Quick Quote: “The rise of diabetes is a threat to national security [source].”

 

True Prevention

Letting a patient with blood sugar issues stroll out of his/her doctor’s appointment thinking they are “healthy” is a huge disservice to their future health.  We now have the knowledge to prevent severe health complications that come with blood sugar disorders.  Put another way, the majority of risk of these complications can be largely reduced and/or mitigated if we address the metabolic issues that precede them.

So how do you go about measuring your blood sugar the right way to make sure you’re not heading into the danger zone.  Here are a few markers I recommend for most patients to see if/how blood sugar is influencing their health:

Fasting plasma glucose – This reading is taken after 12 hours of fasting.  A 2006 BMJ study of “healthy” non-diabetic men shows that even fasting glucose of 87 mg/dL revealed a progressively increased risk of type 2 diabetes [Source].

HbA1c – Hemoglobin A1c is an estimate of your aggregate blood sugar levels over the past 3 months.  It has been used regularly to screen for insulin resistance and diabetes for the past decade or so.  Unfortunately, there is some controversy as to whether A1c is as reliable as once thought since the average lifespan of red blood cells in high blood sugar patients is less than healthy individuals [Source].  For this reason, we should avoid relying too heavily on just this biomarker.  Blood sugar is best analyzed with a panel of multiple tests.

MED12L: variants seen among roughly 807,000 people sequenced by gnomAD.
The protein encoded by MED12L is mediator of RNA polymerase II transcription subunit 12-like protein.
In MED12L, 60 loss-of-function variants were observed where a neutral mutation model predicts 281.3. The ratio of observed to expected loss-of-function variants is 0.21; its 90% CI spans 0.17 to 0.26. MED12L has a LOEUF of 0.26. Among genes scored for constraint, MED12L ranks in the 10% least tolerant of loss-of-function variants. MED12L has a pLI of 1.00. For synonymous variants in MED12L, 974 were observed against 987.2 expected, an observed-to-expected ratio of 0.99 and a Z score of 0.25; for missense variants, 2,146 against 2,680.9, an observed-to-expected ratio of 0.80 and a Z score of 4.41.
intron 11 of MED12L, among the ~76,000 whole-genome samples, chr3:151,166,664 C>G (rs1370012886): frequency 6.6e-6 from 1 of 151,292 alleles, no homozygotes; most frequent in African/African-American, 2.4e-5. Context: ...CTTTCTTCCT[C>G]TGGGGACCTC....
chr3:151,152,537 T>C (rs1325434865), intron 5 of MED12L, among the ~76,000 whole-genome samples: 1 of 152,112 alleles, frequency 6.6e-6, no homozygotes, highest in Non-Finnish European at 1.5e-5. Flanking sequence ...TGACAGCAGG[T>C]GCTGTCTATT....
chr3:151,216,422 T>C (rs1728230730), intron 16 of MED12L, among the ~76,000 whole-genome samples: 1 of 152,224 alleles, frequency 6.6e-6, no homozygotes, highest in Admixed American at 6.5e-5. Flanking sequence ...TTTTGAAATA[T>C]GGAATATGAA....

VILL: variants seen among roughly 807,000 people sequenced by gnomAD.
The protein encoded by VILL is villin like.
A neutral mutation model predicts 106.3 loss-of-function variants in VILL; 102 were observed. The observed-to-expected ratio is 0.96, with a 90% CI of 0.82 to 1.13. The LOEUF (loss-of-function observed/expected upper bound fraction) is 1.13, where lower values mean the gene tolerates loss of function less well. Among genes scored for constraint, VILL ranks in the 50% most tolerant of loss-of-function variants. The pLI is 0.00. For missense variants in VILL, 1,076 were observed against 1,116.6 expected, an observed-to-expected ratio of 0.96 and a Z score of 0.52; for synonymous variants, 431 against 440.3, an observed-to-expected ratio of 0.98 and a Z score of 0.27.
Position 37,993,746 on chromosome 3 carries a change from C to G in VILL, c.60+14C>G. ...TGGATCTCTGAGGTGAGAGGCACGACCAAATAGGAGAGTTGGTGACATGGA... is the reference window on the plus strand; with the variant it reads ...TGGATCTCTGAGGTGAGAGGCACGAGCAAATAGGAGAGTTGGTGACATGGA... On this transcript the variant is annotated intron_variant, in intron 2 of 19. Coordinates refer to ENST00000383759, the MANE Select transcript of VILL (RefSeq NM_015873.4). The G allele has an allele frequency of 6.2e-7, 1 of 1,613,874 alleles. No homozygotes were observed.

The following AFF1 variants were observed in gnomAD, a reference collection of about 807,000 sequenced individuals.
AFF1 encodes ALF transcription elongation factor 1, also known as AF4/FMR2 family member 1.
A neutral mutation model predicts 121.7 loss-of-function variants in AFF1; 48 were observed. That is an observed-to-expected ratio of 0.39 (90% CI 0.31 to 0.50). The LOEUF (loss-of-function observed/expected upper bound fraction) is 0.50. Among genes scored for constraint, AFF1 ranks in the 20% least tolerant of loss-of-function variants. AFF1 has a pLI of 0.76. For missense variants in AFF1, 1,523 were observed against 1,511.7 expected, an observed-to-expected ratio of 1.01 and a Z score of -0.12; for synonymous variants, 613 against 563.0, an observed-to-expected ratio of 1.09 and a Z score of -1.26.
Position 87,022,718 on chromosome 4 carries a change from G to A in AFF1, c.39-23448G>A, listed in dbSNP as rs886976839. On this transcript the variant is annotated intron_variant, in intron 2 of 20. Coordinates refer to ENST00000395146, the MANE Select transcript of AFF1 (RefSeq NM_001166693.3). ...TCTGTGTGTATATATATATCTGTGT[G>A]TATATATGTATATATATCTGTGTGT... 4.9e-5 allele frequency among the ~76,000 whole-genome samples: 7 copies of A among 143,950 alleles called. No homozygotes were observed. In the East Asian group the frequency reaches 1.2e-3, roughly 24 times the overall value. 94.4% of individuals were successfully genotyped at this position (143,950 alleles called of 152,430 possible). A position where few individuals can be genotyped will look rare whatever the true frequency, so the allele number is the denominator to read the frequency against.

Fructosamine – This marker of glycation shows the extent of how “sticky” certain peptides within the body become in the presence of high blood sugar.  Imagine pouring a can of cola onto a kitchen counter and letting it sit for a day.  The sticky, gooey after effect mimics the effect on the inner tissues of our body, causing AGEs (advanced glycation end-products).  All cells of the body can be affected, and the brain is no exception.  This study of over 500 women showed that higher fructosamine concentration was associated with cognitive decline [Source].

Post-meal (postprandial) finger stick test – This self-administered, at-home test is how many diabetic adults regularly test their blood sugar levels.  A pinprick is performed to measure blood at regular intervals following a meal.  Healthy ranges for this test are as follows:

  • 140 mg/dL or below at 1 hour after eating
  • 120 mg/dL or below at 2 hours after eating

As you can see, there is a variety of methods to test blood sugar.  However, because no one single biomarker is accurate, multiple test methods should be used.  Also, because conventional lab ranges are not in agreement with current research findings, use scrutiny when analyzing results.  For a holistic, preventative approach, see how a functional medicine can help detect early signs of this unfortunate disease.

About the Author:

Dr. Matt is a chiropractor and functional medicine practitioner trained through the Kresser Institute for Functional Medicine. He practices in Santa Rosa, specializing in ancestral health and preventative healthcare.